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Courthouse Lawn Tree Source Puzzling

Courthouse Lawn Tree Source Puzzling image
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A Kentucky coffee tree grows on the northwest corner of the Courthouse lawn-just why, nobody knows.
Though not the novelty a flourishing royal palm or pulque cactus might be, the specimen is rare enough to be unusual. Not more than a dozen others are known to grow wild in and around Ann Arbor.
The one at the Courthouse is conceded to be the finest of the lot. It stands more than 50 feet high, measure about two feet in diameter, and is believed to be 100 years old or thereabouts. Origin Unknown
That much is known. How it got where it is, is not. Possibly, it just grew, although why a Kentucky coffee tree, of all things, should have sprung up amidst a grove of perfectly ordinary oaks, maples, and elms is a puzzle.
More likely, botanists say, it was brought in as seedling from its more normal habitat farther south and planted, perhaps to honor something or someone. If so, the person or occasion honored seems to have been lost to memory.
Just possibly, too, the anonymous planter may have had in mind the perfectly reasonable purpose of making coffee. For no less an authority than the Encyclopedia Britannica notes the tree's seed were once used as a coffee substitute.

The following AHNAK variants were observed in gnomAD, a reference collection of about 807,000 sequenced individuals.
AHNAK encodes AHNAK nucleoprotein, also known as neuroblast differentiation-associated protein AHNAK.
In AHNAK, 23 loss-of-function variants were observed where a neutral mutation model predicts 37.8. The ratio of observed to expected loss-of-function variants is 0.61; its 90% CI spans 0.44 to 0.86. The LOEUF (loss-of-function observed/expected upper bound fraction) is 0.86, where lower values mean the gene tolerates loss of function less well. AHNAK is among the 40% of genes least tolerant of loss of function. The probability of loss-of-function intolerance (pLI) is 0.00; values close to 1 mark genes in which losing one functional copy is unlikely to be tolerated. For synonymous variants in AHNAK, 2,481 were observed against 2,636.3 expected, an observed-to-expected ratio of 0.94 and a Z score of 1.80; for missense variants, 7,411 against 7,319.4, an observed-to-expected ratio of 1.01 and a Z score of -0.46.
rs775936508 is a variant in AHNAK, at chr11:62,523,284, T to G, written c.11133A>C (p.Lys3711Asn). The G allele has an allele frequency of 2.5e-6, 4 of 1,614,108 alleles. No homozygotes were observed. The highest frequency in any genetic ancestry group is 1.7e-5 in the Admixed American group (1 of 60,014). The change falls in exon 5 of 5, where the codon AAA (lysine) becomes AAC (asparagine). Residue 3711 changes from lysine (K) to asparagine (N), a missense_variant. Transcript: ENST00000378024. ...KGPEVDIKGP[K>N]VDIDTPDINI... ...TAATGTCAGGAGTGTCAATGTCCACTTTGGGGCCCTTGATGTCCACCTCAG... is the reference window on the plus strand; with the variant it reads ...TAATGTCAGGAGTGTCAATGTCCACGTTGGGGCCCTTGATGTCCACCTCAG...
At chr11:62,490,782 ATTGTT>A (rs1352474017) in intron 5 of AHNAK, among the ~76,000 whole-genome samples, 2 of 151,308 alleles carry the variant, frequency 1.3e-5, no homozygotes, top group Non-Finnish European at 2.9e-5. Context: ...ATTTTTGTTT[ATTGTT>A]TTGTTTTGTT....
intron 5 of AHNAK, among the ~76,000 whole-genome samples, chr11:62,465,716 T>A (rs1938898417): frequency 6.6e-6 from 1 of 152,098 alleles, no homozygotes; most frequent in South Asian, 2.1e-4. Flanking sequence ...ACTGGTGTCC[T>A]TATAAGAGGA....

Informal experiments designed to prove the validity of this theory wound up by establishing that:
1.) Either the art of brewing coffee from Kentucky coffee tree beans died with the old-timers.
2) Or the pioneer palate was considerably more durable than the modern digestive system. Flowers In Spring
The seeds preceded in the Spring by handsome white flowers, grow in leathery pods about six inches long. Inside are five or six large, hard, dark brown beans about the size of lima beans, embedded in red pulp:
Ground and brewed, the beans produced in one experiment, at least--a muddy, 'vile-smelling, and worse-tasting compound that bore no provable relationship to coffee --not even to a bride's first batch.
The courthouse tree produced few, if any, pods this year, indicating it may be past its prime. Its foliage, however, is healthy enough and shows no signs of dying.
Local tree-lovers are a bit fearful that, if the county fathers ever get around to providing a new Courthouse, the tree may not be spared. They hope efforts will let be made to let it stand or at least to move it elsewhere.
Meanwhile, maybe someone will come forward with the answer as to why it is there.

Botanists point to the Kentucky Coffee Tree growing on the northwest portion of the Courthouse lawn as one of the finest specimens of its kind in this part of the country but aren't sure of its origin. The species, common farther south, is comparatively rare in this part of the country, although several others, not so large, are to be found in the Ann Arbor area.